Introduced in 1985, the Shell Eco-Marathon Challenge brings student teams together from all over the world to compete, design, build and drive the most energy-efficient cars, with the hope that it may inspire future developments in the automotive industry.
This year, the Challenge attracted 17 universities and high schools across the African continent, and it was hosted by the University of Johannesburg.
The Namib Eco-Riders managed to end second in the Battery Category, and the team was also awarded a prize for Perseverance and Spirit.
After previous multiple struggles, such as car technical issues, the team was able to overcome every challenge to qualify for the race. Over several days, teams made many attempts to travel the furthest on the equivalent of one litre of fuel.
The competition required that cars be driven for a fixed number of laps around the circuit at a set speed. Organisers then calculated their energy efficiency and named a winner in each class and for each energy source. The race started last Saturday afternoon, and continued through Sunday. The Challenge was held at the classic Zwartkops Racetrack which is now among the busiest and most modern circuits in South Africa, with a wide range of activities taking place around the year. Today, as well as for domestic racing, the track boasts its own skidpan and driver training facilities and is the only internationally-licensed kart circuit in South Africa.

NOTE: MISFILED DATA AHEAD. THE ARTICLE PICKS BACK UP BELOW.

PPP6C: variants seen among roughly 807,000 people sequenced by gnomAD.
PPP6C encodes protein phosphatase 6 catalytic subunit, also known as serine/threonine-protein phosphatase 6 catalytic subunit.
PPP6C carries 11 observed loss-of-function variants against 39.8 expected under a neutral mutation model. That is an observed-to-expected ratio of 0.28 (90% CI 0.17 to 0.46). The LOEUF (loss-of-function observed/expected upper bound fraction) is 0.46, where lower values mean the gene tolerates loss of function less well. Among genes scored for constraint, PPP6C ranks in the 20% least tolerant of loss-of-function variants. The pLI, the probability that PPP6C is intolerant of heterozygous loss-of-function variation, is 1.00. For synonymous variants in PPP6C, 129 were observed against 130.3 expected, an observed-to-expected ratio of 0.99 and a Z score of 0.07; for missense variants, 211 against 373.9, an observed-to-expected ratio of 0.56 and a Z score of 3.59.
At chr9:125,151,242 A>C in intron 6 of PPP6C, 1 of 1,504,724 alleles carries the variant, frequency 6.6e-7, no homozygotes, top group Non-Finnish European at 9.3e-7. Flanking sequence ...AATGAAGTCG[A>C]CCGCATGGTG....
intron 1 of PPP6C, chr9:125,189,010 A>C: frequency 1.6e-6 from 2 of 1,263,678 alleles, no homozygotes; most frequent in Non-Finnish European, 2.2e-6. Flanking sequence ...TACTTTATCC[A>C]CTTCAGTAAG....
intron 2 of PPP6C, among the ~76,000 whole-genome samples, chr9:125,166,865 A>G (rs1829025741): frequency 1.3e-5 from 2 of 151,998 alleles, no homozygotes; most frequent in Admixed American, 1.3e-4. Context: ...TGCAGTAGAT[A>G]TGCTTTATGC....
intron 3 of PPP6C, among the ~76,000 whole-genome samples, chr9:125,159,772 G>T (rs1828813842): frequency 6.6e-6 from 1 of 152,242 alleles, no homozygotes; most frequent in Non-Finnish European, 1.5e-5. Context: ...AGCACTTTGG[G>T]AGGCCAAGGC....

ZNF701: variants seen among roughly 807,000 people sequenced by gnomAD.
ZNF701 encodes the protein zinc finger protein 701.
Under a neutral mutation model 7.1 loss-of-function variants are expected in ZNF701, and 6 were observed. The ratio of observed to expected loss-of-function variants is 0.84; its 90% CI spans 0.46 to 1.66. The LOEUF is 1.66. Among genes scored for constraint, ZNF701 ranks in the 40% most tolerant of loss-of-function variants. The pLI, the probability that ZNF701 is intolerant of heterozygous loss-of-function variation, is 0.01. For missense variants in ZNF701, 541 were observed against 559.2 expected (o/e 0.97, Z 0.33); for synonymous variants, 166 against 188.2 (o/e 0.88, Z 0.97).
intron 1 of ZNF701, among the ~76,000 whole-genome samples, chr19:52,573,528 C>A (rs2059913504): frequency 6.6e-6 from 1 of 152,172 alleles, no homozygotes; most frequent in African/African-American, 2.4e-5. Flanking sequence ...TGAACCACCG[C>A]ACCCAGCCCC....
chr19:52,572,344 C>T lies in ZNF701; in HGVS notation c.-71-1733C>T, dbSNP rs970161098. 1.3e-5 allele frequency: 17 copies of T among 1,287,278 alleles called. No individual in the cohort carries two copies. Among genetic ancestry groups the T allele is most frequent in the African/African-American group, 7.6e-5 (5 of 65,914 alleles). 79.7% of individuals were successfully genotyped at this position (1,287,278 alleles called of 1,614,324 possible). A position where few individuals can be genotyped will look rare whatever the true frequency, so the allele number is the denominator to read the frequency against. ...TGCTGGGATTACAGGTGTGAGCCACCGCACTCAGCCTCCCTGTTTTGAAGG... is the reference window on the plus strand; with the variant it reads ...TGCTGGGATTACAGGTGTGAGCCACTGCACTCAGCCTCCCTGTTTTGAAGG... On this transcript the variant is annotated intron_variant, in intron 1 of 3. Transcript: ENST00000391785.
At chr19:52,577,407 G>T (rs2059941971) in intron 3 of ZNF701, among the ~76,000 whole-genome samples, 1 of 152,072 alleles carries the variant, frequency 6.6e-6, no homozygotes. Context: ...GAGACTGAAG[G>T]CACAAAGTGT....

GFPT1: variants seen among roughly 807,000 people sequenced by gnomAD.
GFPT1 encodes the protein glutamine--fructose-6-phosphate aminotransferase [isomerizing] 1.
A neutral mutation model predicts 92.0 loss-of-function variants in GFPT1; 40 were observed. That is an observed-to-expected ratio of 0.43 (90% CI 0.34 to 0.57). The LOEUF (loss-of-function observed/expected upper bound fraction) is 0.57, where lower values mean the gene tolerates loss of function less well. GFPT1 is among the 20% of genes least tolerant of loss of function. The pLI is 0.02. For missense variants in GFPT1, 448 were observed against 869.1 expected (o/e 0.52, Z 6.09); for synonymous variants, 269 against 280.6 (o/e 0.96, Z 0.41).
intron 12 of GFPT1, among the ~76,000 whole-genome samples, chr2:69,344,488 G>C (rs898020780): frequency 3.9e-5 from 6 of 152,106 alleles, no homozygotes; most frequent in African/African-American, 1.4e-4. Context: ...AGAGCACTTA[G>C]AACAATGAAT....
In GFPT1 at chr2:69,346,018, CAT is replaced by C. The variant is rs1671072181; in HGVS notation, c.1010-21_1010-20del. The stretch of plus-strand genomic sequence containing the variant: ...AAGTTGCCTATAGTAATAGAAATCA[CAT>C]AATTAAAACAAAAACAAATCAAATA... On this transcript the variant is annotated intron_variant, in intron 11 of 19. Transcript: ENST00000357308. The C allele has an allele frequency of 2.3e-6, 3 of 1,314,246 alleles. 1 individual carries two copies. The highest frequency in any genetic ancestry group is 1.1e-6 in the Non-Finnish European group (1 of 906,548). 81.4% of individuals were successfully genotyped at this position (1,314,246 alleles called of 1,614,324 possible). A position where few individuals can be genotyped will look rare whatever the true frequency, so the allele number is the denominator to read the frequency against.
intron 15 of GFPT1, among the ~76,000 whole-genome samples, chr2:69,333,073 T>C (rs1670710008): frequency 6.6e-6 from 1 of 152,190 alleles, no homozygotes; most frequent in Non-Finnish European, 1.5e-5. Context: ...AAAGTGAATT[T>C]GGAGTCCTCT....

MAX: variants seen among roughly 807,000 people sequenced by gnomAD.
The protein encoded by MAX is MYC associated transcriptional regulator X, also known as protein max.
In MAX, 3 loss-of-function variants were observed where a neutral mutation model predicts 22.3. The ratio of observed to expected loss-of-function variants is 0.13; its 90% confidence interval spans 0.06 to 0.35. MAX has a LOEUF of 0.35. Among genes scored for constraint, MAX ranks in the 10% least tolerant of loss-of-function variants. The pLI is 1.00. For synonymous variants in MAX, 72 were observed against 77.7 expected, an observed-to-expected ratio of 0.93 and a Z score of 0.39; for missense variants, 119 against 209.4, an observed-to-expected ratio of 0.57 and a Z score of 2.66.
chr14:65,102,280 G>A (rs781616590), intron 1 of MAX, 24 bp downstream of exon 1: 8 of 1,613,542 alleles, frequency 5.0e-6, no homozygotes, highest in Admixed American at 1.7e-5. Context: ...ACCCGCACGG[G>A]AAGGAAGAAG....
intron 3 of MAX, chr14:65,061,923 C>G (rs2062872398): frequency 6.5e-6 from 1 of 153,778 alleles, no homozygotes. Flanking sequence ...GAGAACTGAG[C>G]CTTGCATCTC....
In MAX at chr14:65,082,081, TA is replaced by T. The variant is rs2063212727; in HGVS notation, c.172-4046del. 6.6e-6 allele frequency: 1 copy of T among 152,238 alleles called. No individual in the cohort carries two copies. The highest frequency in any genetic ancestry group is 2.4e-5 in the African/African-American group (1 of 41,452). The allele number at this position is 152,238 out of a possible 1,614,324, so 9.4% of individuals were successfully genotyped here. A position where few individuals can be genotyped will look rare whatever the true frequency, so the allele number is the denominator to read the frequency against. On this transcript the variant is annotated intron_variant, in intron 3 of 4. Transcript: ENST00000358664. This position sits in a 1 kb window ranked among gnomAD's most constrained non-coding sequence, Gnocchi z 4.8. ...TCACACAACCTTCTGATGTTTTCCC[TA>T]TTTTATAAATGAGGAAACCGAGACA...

The vehicle that was used by the NUST team was donated by the University of Johannesburg through a partnership formulated by the NUST Vice-Chancellor, Dr Tjama Tjivikua, three years ago. Dr Tjivikua called for more investment in innovative initiatives.
“This is where we should be investing our resources in order to innovate and inspire the younger generations,” Tjivikua said. He expressed his gratitude to Pupkewitz BMW for supporting the students. He was however disappointed that no other Namibian company sponsored the team after a few calls to industry.